Voluntary assisted dying is an emotive topic for all involved which is why legislation to support it requires rigorous, yet considered debate.
Tasmanian Parliament has debated euthanasia three times but a fourth draft bill has been released for public comment by Mersey MLC Mike Gaffney.
The bill will be introduced into the Legislative Council and debated in August.
According to the draft bill, a terminally ill person seeking to medically end their life must first request a medical practitioner with specific training in the field to first determine their eligibility.
The person must be deemed to be suffering intolerably due to their medical condition or through complications that have arisen due to treatment and where there is no medical solution available to improve their condition.
There is no doubt that any euthanasia legislation needs to have a wide net that closes any loopholes for people who have not made an informed choice to end their life. However, social policies such as these need to be debated with the people who will use them in mind and not be driven by ideology, fear or religion.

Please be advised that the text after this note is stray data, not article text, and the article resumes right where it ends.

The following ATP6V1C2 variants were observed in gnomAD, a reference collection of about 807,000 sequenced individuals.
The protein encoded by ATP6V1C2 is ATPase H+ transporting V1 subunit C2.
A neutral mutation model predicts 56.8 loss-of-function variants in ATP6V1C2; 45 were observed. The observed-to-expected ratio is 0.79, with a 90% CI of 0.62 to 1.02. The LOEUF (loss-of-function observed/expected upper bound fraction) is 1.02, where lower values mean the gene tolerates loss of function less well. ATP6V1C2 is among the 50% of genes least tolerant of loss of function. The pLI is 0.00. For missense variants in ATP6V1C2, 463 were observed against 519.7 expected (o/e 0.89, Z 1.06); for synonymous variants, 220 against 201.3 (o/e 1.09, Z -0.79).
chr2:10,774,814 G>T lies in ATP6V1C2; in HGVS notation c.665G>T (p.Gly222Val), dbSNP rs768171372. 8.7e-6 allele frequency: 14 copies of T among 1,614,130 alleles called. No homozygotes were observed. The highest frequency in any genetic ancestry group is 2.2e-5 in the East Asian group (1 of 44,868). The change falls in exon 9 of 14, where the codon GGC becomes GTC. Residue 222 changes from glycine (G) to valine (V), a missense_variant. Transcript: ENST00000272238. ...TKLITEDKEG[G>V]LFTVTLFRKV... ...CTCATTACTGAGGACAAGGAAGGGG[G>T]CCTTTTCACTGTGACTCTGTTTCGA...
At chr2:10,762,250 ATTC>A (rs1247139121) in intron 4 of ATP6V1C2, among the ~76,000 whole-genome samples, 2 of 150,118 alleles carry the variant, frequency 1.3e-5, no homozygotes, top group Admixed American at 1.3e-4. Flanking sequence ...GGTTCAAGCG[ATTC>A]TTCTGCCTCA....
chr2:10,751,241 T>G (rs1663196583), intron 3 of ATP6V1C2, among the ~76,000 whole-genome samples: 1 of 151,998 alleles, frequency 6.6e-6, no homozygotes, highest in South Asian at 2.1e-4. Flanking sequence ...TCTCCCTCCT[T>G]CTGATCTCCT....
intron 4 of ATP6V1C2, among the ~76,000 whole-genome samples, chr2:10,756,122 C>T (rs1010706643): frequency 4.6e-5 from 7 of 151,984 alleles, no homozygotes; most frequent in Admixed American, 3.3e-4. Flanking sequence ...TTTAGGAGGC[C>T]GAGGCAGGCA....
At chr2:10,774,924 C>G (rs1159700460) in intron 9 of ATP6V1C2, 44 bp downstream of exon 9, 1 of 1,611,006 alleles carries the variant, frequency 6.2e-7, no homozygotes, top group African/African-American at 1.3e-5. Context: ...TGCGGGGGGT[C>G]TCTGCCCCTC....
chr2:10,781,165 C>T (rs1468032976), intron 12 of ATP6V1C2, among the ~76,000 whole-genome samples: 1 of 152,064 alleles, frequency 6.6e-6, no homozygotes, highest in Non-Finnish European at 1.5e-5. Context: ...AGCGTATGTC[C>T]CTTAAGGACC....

This bill, and others of its ilk, such as access to medicinal cannabis, allows people to exercise their most vital basic right - the freedom to choose.
If a person who is terminally ill, but is sound of mind, can choose to end their life, it means that at least in the maelstrom of the unknown, they can take some measure of control.
While our community leaders must be the ones who pass this into law, it is disappointing this is the fourth time this legislation has come before the Upper House.
Other states have already provided a legislative road map to allow Tasmania to follow suit with something likely to be beneficial for people who have lost a lot of hope.
However, it deserves to be debated to allow for informed decisions on behalf of those who are voting on it.
Playing with someone's life should not be taken lightly and politicians voting on this bill need to be certain that it is water tight.